Disability Insurance

Unbiased Expert Advice

  • Would you be able to maintain your standard of living?

    Everybody understands the value of life insurance and most of us who take our finances seriously have a solid life insurance policy in place. But what happens if you are unlucky enough to sustain a serious illness, chronic disease, or disability which prevents you from working? Your ability to earn an income is your most valuable asset. Disability insurance is designed to protect you from a possible loss of income.

    Disability Insurance is the most commonly known and accepted form of insurance to help protect your family from a loss of income due to an inability to work. In the event of an injury or sickness rendering the insured unable to work, a disability policy will pay a monthly benefit up to sixty-six and two-thirds of the total income of the insured person (NOTE: Total income is gross income less expenses but before taxes). This type of coverage is crucial for self-employed individuals and people who do not have disability insurance through their employer or Association plan.

    If you were to ask a group of working people whether or not they have disability insurance, most of them would say, “Yes.” But the fact is, most of these individuals are either under-insured or have inferior coverage. Government disability plans are very limited in scope and coverage amounts. Most group plans cap the monthly disability benefit for employees. For example, employees earning 75,000 a year may only receive $2,000 a month or less in disability benefits.

    The benefits of Disability Insurance: Different types of insurance were created to fit the various needs and situations one might encounter. Life insurance, for instance, is offered to provide sufficient money coverage for those that are hit by the sudden loss not only emotionally, but also financially. On the other hand, when a person becomes (totally) disabled, not only the person is not fit to maintain sufficient income for themselves and their family, but on top of that the extra medical and other care for this person takes even more money out of their pocket, or the pocket of their family that has to provide the extra care for the once self-supporting. Therefore, disability insurance is often more important than life insurance.

    Being classed as disabled doesn’t necessarily mean that the person is not able of some kind of employment, but it has been reported that around 15% of those filing for bankruptcy have done it due to illness or accident. As disabled, you are eligible to receive some government benefits, but they are very limited. The coverage group plans won’t match your current income either: they mostly cover only 50% to 60% of your net income.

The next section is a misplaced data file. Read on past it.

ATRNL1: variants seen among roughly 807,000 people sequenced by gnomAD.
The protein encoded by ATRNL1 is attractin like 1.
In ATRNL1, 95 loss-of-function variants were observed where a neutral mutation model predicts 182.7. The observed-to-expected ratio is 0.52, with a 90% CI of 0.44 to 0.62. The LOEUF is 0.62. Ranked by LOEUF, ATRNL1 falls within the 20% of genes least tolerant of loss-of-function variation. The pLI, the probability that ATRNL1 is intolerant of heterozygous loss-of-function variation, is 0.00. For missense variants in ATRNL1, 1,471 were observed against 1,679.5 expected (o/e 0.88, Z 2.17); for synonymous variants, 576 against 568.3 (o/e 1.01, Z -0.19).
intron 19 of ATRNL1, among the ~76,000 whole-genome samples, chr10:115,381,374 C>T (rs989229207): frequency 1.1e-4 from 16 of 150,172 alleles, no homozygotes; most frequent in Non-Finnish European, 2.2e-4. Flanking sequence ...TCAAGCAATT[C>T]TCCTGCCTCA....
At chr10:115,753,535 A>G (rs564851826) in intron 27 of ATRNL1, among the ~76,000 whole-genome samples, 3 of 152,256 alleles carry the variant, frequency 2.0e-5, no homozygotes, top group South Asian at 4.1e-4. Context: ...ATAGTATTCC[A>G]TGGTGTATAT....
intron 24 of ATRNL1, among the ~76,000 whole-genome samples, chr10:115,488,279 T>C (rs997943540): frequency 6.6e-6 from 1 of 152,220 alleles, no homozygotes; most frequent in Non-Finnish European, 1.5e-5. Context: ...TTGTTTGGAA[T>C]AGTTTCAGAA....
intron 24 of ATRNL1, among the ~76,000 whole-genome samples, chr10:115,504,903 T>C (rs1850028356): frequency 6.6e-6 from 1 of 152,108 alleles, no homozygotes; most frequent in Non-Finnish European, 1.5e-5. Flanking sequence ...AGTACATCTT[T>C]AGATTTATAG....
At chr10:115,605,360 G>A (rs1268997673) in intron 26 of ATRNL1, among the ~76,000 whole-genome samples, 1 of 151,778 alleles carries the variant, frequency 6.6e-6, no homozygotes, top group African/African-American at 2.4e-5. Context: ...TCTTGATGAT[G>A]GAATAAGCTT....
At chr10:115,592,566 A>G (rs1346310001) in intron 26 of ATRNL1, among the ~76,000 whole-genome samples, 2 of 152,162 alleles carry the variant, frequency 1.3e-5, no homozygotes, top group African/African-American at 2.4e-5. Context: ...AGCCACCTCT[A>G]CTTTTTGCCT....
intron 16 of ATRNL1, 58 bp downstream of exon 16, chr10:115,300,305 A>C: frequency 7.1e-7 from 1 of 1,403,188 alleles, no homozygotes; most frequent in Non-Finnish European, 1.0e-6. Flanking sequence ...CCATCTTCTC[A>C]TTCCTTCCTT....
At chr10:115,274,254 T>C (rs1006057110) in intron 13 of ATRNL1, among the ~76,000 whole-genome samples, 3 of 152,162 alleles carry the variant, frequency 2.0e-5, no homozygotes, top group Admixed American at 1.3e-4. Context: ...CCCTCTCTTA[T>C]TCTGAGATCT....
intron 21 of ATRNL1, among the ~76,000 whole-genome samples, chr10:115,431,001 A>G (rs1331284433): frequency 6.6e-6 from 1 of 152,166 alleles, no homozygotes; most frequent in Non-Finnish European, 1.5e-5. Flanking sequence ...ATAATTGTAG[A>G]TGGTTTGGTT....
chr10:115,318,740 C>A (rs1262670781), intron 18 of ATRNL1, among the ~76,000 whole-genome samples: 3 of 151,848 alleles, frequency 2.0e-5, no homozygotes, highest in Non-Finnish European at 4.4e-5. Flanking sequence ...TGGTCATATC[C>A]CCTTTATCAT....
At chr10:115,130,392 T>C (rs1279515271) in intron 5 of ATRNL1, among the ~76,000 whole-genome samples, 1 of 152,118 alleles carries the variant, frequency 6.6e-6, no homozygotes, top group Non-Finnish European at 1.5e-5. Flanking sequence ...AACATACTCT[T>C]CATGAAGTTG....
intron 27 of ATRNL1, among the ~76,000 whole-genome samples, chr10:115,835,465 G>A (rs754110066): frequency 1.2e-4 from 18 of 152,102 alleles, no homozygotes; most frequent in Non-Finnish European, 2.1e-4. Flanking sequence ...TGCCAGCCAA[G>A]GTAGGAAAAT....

When deciding whether to apply or not for the disability insurance, consider your options in case you become limited in earning a sufficient income. You could:

    - rely on your spouse/family income
    - use your savings or retirement funds
    - sell your property/other assets
    - live on credit
    - be sufficiently covered by disability insurance that would supplement the missing income

    The importance of Disability Insurance: What people mostly imagine under disability is the loss of mobility after a sudden accident related either to work or sport. But the statistic tells us quite a different story: people are twice as likely to be disabled due to a serious illness such as cancer, diabetes, or heart disease than to an accident.

    Your chances of becoming disabled: When you’re young it’s easy to think you’re invincible and nothing will ever happen to you, but the hard truth is, if you’re under 65, you’re 60% more likely to become disabled than you are to die. Of course, the chances of becoming disabled gradually rises with age:

    - 3 in 100 children up to 14 years of age become disabled
    - 4 in 100 young adults between 15 to 24 become disabled
    - 7 in 100 adults between 25 to 44 become disabled
    - 17 in 100 adults between 45 to 64 become disabled
    - 40 in 100 adults 65 and over become disabled
    - 53 in 100 adults over 75 reported disability
    * At the moment 14 in 100 Canadians (4.4 million) are classed as disabled.

    Your individual needs must be considered and prioritized before making any decisions. I can help! Contact me today to help you determine your needs and decide which product is best for you.

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